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Joao Portugal Ramos Vila Santa Loios Red 2015

Other Red Blends from Portugal
    14% ABV
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    14% ABV

    Winemaker Notes

    This easy drinking red shows an intensely fruity aroma with herbal undertones. Soft and easy going, it is able to complement almost any cuisine.

    Perfect with barbecue, birds, pasta, and grilled meat dishes.

    Blend: 35% Aragones, 35% Trincadeira and 30% Castelao

    Critical Acclaim

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    Joao Portugal Ramos

    Joao Portugal Ramos

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    Joao Portugal Ramos, Portugal
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    João Portugal Ramos is Portugal’s most famous winemaker. Before he began making his own wines, he was a pioneering wine consultant widely considered Portugal’s Pierro Antinori or Emile Peynaud (The New York Times). His many accolades include winning 2010 Personality of the Year and 2006 Producer of the Year (Essencia do Vinho); 2010 Viticulture Team of the Year, 2000 Winemaker of the Year, and 1998 Company of the Year (Revista de Vinhos); 1999 & 2004 Winemaker of the Year and 2004 Producer of the Year (Vin & Mat, Sweden); 2004 Newcomer of the Year (Wein Gourmet, Germany); and the 2008 Prize for Entrepreneurship and Innovation (Portuguese Ministry of Agriculture).

    In the decades that Ramos has consulted, he almost single-handedly opened Portuguese winemaking to the benefits of modern technologies with an emphasis on low yields, occasional oak aging, and the preservation of a grape’s natural fruit flavors. In 1990, he decided it was time to start creating his own wine and he began planting vineyards in Alentejo around his new winery, Vila Santa.

    Portugal

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    Best known for intense, impressive and age-worthy fortified wines, Portugal relies almost exclusively on its many indigenous grape varieties. Bordering Spain to its north and east, and the Atlantic Ocean on its west and south coasts, this is a land where tradition reigns supreme, due to its relative geographical and, for much of the 20th century, political isolation. A long and narrow but small country, Portugal claims considerable diversity in climate and wine styles, with milder weather in the north and significantly more rainfall near the coast.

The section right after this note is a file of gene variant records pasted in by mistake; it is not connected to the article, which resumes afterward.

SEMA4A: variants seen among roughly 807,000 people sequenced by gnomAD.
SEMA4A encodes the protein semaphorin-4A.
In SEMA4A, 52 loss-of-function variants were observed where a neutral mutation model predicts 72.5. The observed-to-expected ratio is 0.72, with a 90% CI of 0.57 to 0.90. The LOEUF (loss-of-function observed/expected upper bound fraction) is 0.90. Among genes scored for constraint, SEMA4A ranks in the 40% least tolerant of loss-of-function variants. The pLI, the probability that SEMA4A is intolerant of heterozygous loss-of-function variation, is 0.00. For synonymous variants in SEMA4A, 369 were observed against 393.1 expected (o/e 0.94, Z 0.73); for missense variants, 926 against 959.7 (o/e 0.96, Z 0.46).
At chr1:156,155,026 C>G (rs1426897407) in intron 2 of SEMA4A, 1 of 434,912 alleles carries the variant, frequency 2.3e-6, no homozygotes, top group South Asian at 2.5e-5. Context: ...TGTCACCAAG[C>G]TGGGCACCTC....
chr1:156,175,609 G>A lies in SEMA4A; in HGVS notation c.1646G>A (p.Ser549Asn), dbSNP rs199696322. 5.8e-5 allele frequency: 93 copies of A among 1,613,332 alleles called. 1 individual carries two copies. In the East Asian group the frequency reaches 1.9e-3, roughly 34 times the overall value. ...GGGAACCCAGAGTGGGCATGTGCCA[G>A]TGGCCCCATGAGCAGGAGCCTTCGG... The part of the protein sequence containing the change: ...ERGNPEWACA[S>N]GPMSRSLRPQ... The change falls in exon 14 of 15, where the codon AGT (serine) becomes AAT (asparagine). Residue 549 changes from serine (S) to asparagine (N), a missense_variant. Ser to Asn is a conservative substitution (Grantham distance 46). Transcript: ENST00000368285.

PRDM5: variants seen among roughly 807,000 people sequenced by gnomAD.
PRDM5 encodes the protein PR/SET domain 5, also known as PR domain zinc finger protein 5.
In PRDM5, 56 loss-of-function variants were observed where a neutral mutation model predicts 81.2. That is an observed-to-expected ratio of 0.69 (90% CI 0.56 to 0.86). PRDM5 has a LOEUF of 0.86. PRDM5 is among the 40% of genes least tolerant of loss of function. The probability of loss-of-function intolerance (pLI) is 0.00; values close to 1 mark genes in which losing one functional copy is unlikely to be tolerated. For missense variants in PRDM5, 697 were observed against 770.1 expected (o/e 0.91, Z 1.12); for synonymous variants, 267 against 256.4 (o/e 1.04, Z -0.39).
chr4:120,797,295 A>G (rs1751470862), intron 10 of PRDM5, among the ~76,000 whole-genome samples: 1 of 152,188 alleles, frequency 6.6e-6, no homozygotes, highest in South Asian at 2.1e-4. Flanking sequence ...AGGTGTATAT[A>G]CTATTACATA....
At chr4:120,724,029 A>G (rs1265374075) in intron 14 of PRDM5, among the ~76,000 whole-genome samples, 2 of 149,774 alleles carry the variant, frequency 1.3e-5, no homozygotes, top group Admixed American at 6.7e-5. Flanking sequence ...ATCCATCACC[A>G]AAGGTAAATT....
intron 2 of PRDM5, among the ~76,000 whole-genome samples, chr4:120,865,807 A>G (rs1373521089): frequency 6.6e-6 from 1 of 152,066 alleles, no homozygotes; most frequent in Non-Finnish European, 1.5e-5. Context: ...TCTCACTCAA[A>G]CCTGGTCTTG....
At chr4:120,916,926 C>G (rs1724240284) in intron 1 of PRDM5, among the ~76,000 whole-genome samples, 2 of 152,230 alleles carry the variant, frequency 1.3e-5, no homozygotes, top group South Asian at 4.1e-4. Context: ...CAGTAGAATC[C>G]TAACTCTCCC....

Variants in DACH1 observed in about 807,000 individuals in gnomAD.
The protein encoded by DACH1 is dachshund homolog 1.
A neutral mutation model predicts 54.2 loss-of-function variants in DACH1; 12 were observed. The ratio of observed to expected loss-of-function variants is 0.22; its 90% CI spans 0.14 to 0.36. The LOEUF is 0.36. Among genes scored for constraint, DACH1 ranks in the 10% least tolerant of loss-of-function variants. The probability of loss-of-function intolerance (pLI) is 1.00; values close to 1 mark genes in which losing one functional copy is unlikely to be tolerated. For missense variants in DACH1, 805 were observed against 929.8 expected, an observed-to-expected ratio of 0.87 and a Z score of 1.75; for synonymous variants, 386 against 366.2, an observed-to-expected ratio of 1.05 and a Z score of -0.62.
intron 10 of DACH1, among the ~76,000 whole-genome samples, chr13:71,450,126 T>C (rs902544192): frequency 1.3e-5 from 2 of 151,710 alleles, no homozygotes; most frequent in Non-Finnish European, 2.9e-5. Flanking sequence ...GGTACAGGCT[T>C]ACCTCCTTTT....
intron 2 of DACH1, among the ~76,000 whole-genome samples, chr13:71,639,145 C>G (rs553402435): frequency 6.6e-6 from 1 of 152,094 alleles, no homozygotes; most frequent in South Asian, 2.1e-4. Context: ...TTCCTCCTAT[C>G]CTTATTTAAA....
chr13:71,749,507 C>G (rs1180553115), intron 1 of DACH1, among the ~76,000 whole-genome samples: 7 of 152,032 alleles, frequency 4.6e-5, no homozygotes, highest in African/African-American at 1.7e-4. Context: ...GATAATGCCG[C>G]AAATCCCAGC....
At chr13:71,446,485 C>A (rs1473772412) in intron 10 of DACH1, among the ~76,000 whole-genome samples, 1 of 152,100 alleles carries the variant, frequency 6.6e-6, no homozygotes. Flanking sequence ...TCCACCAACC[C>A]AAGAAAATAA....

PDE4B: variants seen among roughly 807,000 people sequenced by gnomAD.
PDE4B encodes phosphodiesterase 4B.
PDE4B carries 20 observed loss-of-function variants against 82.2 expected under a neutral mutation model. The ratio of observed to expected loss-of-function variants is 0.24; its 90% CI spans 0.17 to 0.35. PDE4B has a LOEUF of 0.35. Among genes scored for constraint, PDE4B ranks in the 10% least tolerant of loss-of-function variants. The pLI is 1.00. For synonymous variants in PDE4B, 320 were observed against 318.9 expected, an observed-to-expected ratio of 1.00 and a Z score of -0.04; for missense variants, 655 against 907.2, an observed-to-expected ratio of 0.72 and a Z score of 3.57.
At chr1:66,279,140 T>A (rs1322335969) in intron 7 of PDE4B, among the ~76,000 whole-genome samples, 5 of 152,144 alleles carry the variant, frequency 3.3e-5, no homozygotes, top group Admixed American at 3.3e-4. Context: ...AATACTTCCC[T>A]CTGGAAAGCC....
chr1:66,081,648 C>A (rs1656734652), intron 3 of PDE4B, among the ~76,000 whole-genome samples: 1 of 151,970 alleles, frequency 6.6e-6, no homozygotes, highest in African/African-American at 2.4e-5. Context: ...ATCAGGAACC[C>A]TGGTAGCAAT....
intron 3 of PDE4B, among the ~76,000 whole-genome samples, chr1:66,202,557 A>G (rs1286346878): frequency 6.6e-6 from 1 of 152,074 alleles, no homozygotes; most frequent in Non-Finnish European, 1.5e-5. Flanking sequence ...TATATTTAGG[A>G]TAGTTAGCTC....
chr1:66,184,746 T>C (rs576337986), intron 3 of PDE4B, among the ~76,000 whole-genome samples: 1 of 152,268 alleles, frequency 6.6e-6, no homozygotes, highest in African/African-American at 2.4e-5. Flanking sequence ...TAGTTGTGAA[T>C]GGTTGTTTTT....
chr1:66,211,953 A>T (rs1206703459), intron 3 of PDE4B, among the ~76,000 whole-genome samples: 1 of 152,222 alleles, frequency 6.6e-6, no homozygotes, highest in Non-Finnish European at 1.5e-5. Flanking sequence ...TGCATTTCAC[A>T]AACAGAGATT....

While Port (named after its city of Oporto on the Atlantic Coast at the end of the Douro Valley), made Portugal famous, Portugal is also an excellent source of dry red and white wines of various styles.

    The Duoro Valley produces full-bodied and concentrated dry red wines made from the same set of grape varieties used for Port, which include Touriga Nacional, Tinta Roriz (Spain’s Tempranillo), Touriga Franca, Tinta Barroca and Tinto Cão, among a long list of others in minor proportions.

    Other dry wines include the tart, slightly effervescent Vinho Verde white wine, made in the north, and the bright, elegant reds and whites of the Dão as well as the bold, and fruit-driven reds and whites of the southern, Alentejo.

    The nation’s other important fortified wine, Madeira, is produced on the eponymous island off the North African coast.

    Other Red Blends

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    With hundreds of red grape varieties to choose from, winemakers have the freedom to create a virtually endless assortment of blended wines. In many European regions, strict laws are in place determining the set of varieties that may be used, but in the New World, experimentation is permitted and encouraged. Blending can be utilized to enhance balance or create complexity, lending different layers of flavors and aromas. For example, a variety that creates a fruity and full-bodied wine would do well combined with one that is naturally high in acidity and tannins. Sometimes small amounts of a particular variety are added to boost color or aromatics. Blending can take place before or after fermentation, with the latter, more popular option giving more control to the winemaker over the final qualities of the wine.

    HNYPRSVSL15C_2015 Item# 169704